Saturday August 12 2017

Fufa can redeem image with how they manage Micho era aftermath

Milutin Micho Sredojevich, former Uganda cranes

Milutin Micho Sredojevich, former Uganda cranes head coach leads players during training on 28 March 2016 at Mandela Stadium, Namboole in preparation for the 2017 Africa Cup of Nations Qualifiers match against Burkina Faso on 29 March 2016 at Mandela Stadium, Namboole. Photo by Ismail Kezaala 

By Moses Banturaki

Now that Milutin ‘Micho’ Sredojević has been paraded by other suitors, it is time to move on and that means looking back home at what challenges and opportunities the new circumstances provide.
Let me not belabor the point about Fufa’s lack of preparedness in their handling of the saga. But they now have a chance at redemption in how they handle the transition.
It augurs well for continuity that they have appointed Micho’s deputies in an interim capacity. But I suggest they don’t hesitate in confirming them in the job.
Ugandans will remember Moses Basena and Fred Kajoba for being part of the football scene for decades. They have been there and done that. They know how the beast works or falls.
It is this experience that propelled them to the position they have held for the last four years. And for all it matters this makes them ideal for the main job. It was the most convenient choice given the circumstances. But I also see the logic in continuing the successes they initiated with Micho. It is an easy script to follow for men of their demonstrated competence.
That those two are technically capable is therefore beyond doubt and The Cranes cannot do any worse by testing and developing local managerial competences.
It however must not be lost on us that the duo’s experience has only been as assistants. They will need all the help they can get to cross the gap into full capacity. It is a different animal at the level.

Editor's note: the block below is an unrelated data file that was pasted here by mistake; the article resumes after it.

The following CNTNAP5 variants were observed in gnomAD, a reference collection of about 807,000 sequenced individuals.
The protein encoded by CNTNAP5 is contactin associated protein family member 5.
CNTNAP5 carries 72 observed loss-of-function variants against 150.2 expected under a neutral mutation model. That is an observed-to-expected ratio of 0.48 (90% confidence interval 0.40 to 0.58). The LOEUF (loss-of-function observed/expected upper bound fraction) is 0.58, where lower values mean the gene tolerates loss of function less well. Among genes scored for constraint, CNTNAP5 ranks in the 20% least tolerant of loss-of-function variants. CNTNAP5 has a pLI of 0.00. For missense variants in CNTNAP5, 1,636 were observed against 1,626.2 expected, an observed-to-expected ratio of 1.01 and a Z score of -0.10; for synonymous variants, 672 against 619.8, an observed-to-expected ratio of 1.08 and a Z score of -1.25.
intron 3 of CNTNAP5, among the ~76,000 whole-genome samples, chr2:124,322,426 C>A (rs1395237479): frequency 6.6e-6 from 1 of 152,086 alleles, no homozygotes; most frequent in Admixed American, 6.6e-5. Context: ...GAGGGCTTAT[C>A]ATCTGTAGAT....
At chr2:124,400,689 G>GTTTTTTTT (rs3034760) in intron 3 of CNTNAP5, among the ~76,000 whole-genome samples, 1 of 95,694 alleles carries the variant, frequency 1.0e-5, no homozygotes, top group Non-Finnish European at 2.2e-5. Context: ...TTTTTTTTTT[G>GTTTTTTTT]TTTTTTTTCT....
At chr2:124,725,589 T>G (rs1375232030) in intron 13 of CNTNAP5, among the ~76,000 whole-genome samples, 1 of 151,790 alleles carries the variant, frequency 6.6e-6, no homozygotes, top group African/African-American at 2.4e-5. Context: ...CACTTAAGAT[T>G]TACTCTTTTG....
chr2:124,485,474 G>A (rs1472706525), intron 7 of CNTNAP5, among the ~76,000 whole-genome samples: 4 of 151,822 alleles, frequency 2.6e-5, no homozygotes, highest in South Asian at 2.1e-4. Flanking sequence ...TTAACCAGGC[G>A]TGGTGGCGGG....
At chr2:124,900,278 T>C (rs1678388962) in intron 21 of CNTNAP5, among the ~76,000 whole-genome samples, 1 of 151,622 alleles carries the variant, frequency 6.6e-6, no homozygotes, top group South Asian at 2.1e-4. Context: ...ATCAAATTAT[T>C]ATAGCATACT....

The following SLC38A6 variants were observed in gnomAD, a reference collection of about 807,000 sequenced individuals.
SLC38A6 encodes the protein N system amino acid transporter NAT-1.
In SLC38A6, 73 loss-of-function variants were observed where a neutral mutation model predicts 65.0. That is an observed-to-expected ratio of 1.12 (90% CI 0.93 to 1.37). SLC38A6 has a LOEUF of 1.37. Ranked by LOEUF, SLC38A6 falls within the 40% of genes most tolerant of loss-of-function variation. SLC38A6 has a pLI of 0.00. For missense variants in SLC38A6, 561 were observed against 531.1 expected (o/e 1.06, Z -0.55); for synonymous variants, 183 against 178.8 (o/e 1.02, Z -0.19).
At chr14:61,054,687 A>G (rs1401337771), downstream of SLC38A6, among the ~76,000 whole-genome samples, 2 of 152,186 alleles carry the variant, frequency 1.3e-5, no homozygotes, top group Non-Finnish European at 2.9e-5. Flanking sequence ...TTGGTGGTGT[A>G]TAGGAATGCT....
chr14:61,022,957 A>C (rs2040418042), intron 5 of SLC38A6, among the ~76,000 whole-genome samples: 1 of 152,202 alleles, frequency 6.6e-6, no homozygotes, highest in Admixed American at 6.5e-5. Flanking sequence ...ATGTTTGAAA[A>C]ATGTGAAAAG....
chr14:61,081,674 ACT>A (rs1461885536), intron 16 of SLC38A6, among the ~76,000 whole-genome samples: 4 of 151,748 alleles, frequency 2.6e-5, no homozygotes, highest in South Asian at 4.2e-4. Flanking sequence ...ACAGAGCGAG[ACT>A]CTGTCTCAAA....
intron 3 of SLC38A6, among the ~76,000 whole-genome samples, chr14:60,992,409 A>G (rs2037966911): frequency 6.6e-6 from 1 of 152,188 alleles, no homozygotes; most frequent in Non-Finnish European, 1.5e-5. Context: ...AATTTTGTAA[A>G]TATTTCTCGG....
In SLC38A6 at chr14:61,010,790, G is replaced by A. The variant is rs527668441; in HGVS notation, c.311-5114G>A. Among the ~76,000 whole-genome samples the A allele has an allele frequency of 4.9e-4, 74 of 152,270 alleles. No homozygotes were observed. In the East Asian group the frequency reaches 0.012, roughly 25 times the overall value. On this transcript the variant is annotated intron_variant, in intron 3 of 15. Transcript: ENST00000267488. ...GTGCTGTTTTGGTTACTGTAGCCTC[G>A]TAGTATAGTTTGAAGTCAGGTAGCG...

The expectations will be different and there will be very few hiding places. Recent successes are now generally accepted as the new basic minimum. That will translate into more pressure than they have ever contended with. But above all they will have to cope with ‘political’ interference from careerists and football administrators – who almost always form a weed that grows into national team matters and one that has ultimately choked the efforts of all their predecessors.
So, the least Fufa can do by way of assisting their latest recruits is to do what they have often failed to do - and that is let them get along with the job of managing. All matters pertaining to recruiting, staffing, planning, strategy formulation and execution must be left to the men whose job it is to provide leadership.
It makes no economic sense whatsoever to recruit a manager, put him on a high wage contract, then do the very job he was tasked with doing. It makes managers redundant and turns them into perpetual tourists or in Micho’s case, twitter warriors.
Micho has since promised to abandon Twitter and concentrate on his new job. Fufa must ensure his successors don’t have to make such decisions. For that to happen, the usual imposters and glory hunters that like to commandeer national team matters must all be kept at bay and the competencies of local managers allowed to blossom. Yes, there shall be failures and false starts, but it is all part of the process of development.